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Tongue-tingling pickles for prickling heat
By Gao Ceng

PICKLES - cool, crunchy, sweet, briny or spicy - add zest and favor, and they are said to stimulate the appetite, which may be lost during China's hot, humid plum rain season.

Summer is also the best season to make pickles, since many vegetables and fruits are ripe and perfect for pickling.

Pickles are prominent in classical antipasti that begin almost every meal, says Gianluca Serafin, chef de cuisine at Palladio Italian restaurant, The Portman Ritz-Carlton Shanghai.

Pickles are popular worldwide and are especially famous in Italy, China and Koreas (kimchi), where there's a long history and great variety.

Italian chefs typically use vinegar and olive oil to marinate vegetables and fruits such as onions, eggplant and cauliflower so that their pickles - sott'aceti (pickled in vinegar) and sott'oli (packed in olive oil) - feature a light and clean flavor.

"The acidity of vinegar, especially the wine vinegar, keeps the food from spoiling and gives the flavor an extra touch," says chef Serafin.

Olive oil is better for highlighting the flavor of ingredients.

Many Italian chefs have their own pickle recipe passed down through generations, so that each restaurant has its distinct pickles.

Pickles are eaten directly or as a side dish to complement cold cuts and cooked pork and other meat.

China is generally considered the origin of Asian pickles known for diverse flavors and textures.

Ingredients include Chinese cabbage, lettuce, cucumber, lotus root, Chinese artichoke, plums, watermelon peel and other fruit and vegetables.

"Ingredients used in north China are comparatively simple while those used in south are more diverse. The northern flavors are intense, rich and salty, while in the south the style is much lighter, delicately sweet-and-sour or sweet-and salty," says San Zhang, chef de cuisine at Suntime Century Chinese Restaurant, Grand Kempinski Hotel Shanghai.

Chefs in north China typically use a yellow paste made from fermented soy sauce for pickling, while in south China, sugar and vinegar are more popular.

Chinese like to serve pickles with plain congee to highlight their flavor.

Famous Korean kimchi is often red in color and has a rich complex flavor combining sweet, sour, savory and spicy. Many kimchis are fiery hot.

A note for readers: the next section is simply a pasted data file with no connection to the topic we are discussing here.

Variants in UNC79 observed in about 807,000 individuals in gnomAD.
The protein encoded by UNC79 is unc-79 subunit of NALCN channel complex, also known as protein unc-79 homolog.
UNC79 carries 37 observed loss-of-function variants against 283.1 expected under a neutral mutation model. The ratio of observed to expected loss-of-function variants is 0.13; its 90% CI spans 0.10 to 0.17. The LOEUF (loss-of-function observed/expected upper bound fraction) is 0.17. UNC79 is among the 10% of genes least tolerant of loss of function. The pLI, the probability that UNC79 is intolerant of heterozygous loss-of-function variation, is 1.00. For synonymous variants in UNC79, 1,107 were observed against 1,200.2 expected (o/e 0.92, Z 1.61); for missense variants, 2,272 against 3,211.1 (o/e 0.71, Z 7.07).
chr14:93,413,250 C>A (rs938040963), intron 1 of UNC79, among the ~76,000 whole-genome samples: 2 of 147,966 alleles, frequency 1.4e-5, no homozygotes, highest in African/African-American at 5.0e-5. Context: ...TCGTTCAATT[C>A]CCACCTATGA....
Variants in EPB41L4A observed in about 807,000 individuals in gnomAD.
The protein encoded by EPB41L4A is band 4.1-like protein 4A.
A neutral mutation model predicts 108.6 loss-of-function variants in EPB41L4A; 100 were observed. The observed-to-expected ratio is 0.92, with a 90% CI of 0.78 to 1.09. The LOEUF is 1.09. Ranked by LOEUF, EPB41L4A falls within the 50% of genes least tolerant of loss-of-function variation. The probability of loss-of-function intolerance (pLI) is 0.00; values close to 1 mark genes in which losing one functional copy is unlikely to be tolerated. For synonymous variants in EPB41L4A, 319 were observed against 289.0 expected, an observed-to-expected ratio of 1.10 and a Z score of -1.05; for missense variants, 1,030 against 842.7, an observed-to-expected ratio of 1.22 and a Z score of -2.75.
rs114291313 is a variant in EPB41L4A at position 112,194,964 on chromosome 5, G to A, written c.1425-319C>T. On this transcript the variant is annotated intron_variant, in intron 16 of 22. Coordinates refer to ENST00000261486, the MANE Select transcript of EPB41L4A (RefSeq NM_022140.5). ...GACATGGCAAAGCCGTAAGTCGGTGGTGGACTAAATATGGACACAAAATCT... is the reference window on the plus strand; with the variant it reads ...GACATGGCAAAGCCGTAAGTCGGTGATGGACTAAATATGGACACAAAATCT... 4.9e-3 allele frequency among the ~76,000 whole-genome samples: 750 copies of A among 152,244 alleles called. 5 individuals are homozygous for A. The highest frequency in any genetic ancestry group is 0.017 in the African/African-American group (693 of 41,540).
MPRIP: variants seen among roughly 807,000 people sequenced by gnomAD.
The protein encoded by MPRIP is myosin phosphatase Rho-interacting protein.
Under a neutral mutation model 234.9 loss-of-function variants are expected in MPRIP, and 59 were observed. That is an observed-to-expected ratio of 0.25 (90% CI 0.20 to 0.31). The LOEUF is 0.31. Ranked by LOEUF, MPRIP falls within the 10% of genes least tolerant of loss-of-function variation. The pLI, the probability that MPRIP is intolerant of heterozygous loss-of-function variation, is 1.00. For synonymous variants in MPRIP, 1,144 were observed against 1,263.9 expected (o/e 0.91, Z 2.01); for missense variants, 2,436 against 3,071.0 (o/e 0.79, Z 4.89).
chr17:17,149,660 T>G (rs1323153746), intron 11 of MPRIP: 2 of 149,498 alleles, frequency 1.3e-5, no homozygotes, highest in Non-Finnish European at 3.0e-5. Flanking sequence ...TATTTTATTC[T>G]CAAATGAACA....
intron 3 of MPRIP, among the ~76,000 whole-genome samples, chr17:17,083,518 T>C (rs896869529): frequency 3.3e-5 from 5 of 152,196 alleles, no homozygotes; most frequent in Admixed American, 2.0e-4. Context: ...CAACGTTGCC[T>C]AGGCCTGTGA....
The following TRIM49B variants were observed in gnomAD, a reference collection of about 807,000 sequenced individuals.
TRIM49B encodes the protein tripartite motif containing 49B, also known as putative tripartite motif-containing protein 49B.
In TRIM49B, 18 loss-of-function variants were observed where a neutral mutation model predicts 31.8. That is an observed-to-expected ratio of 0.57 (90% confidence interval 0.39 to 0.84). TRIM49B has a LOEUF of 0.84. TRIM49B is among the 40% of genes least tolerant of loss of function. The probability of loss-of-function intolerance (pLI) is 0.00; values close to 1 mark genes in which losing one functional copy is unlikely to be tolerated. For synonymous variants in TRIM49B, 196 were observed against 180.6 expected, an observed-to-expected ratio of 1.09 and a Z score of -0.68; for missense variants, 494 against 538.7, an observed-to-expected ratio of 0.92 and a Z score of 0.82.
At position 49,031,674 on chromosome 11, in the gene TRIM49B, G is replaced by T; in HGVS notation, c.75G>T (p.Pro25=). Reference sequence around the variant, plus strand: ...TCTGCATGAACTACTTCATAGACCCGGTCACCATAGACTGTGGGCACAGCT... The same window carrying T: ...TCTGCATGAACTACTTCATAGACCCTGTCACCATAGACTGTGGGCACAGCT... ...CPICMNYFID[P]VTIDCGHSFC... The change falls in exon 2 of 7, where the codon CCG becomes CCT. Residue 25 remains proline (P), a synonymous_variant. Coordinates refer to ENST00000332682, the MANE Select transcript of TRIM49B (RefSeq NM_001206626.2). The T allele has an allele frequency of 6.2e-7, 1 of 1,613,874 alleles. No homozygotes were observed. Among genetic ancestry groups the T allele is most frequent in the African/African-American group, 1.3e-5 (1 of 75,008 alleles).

Ingredients include cabbage, radish, scallions and cucumber, plus seasonings such as brine, fish sauce, shrimp paste, ginger, garlic and chili.Korean change their kimchi with the seasons, using fresh greens in spring, cucumber and radish in summer and cabbage in winter.

Kimchi in Korean cuisine is usually a side dish. "I personally believe that kimchi should be a little bitter to balance the flavor of Korean BBQ, usually served with sweet sauce," says Allen Cha, chef de cuisine at Smoki Moto Kitchen, Renaissance Shanghai Caohejing Hotel.

For wine pairing, white wine with firm acidity and sweetness goes well with pickles, especially those tasting spicy and sour. High acidity in many sparkling wines holds up sharp flavor of the vinegar. Some medium sweet wine well balances the heat of chili.

Many independent restaurants serve tinned pickles or those in jars to control costs, however, some hotel chefs insist on making their own to ensure quality and freshness. Some use private recipes to marinate and season.

Here are some five-star hotel pickles:

Homemade kimchi

This appetizer was launched this summer by chef Allen Cha. He adapts a traditional recipe using radish leaf. The sauce contains anchovy for more flavor.

"It's an ideal pairing for grilled beef and pork belly, which cuts through their fatness," the chef says.

Kimchi is served as a side dish with all BBQ.

Venue: Smoki Moto, Renaissance Shanghai Caohejing Hotel

Address: 1/F, 397 Tianlin Rd

Tel: 3325-8388

Marinated eel with preserved vegetables

Eel fillet is roasted and marinated in balsamic vinegar. A range of crunchy seasonal vegetables are preserved in a sweet and sour liquid made from vinegar, olive oil, herbs and spices.

It comes from the Veneto area in northern Italy, says chef Serafin. "The fatty eel is balanced by pickles with light acidity and sweetness."

Venue: Palladio, The Portman Ritz-Carlton, Shanghai

Address: 1/F, 1376 Nanjing Rd W.

Tel: 6279-8888

Crisp cucumber and preserved red cabbage (12 yuan+15% each)

Both two dishes are summer appetizers launched by chef Zhang. Cucumber, marinated with sugar, vinegar and Thai chili, has a clean, sweet-and-sour taste with a spicy touch. Fresh red cabbage, flavored with sugar, vinegar and drizzled with lime juice, has a citrus flavor and crisp texture.

Venue: Suntime Century Chinese Restaurant

Address: 2/F, 1288 Lujiazuihuan Rd

Tel: 3867-8888

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